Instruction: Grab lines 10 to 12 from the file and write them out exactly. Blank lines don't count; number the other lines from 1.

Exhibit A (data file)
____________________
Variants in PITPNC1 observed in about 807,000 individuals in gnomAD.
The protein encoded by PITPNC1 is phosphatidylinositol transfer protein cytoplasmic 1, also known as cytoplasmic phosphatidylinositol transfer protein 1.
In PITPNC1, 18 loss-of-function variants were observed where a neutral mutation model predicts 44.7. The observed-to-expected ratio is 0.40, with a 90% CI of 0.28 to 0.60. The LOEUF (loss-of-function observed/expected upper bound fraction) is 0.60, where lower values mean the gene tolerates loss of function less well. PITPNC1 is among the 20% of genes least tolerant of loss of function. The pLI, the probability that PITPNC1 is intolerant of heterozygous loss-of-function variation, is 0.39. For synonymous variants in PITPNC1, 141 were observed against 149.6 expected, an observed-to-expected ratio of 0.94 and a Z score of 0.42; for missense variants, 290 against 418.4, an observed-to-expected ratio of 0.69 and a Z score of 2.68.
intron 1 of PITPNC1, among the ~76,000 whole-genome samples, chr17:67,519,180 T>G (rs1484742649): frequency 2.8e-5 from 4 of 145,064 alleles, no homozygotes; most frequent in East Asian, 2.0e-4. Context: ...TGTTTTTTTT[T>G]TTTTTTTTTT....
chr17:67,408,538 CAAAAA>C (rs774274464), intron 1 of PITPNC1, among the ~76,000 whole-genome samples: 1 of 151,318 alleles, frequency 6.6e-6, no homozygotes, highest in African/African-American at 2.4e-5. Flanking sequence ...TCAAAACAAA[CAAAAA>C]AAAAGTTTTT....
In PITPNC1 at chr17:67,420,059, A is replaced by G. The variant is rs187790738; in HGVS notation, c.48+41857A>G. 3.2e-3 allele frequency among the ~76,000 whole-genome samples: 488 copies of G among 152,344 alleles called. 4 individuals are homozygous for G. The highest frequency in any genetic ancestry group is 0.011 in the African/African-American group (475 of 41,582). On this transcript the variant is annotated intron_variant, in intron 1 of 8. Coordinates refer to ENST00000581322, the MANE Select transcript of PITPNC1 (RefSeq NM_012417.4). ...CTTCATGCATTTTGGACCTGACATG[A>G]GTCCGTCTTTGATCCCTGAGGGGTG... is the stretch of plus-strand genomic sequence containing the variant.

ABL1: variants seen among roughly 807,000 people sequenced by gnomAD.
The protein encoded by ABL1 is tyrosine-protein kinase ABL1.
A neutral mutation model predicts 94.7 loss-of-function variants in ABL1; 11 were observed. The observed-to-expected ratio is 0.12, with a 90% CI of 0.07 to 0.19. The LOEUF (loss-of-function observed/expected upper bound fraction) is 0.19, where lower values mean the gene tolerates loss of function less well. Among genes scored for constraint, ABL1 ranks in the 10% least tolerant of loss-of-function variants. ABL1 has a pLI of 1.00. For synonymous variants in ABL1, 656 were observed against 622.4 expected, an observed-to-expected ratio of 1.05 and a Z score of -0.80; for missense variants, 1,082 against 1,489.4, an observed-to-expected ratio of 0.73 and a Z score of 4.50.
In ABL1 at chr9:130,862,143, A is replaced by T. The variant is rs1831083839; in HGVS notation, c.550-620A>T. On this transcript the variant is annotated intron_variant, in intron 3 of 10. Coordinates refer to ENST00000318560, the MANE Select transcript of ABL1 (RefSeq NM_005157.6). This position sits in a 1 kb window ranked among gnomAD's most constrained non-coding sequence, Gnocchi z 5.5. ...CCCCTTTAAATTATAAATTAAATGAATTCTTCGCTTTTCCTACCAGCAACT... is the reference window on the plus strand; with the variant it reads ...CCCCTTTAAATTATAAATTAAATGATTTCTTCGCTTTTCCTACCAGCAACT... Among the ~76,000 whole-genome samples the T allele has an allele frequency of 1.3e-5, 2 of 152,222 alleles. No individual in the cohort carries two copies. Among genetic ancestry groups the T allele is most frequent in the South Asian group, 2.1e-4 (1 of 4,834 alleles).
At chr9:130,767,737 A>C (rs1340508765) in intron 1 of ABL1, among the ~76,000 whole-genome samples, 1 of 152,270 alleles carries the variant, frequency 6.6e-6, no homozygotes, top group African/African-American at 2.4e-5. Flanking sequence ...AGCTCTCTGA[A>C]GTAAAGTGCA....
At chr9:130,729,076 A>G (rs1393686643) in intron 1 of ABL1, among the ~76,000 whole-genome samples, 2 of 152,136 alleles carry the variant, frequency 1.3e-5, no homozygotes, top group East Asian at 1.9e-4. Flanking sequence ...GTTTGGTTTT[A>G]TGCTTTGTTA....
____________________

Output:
In ABL1 at chr9:130,862,143, A is replaced by T. The variant is rs1831083839; in HGVS notation, c.550-620A>T. On this transcript the variant is annotated intron_variant, in intron 3 of 10. Coordinates refer to ENST00000318560, the MANE Select transcript of ABL1 (RefSeq NM_005157.6). This position sits in a 1 kb window ranked among gnomAD's most constrained non-coding sequence, Gnocchi z 5.5. ...CCCCTTTAAATTATAAATTAAATGAATTCTTCGCTTTTCCTACCAGCAACT... is the reference window on the plus strand; with the variant it reads ...CCCCTTTAAATTATAAATTAAATGATTTCTTCGCTTTTCCTACCAGCAACT... Among the ~76,000 whole-genome samples the T allele has an allele frequency of 1.3e-5, 2 of 152,222 alleles. No individual in the cohort carries two copies. Among genetic ancestry groups the T allele is most frequent in the South Asian group, 2.1e-4 (1 of 4,834 alleles).
At chr9:130,767,737 A>C (rs1340508765) in intron 1 of ABL1, among the ~76,000 whole-genome samples, 1 of 152,270 alleles carries the variant, frequency 6.6e-6, no homozygotes, top group African/African-American at 2.4e-5. Flanking sequence ...AGCTCTCTGA[A>C]GTAAAGTGCA....
At chr9:130,729,076 A>G (rs1393686643) in intron 1 of ABL1, among the ~76,000 whole-genome samples, 2 of 152,136 alleles carry the variant, frequency 1.3e-5, no homozygotes, top group East Asian at 1.9e-4. Flanking sequence ...GTTTGGTTTT[A>G]TGCTTTGTTA....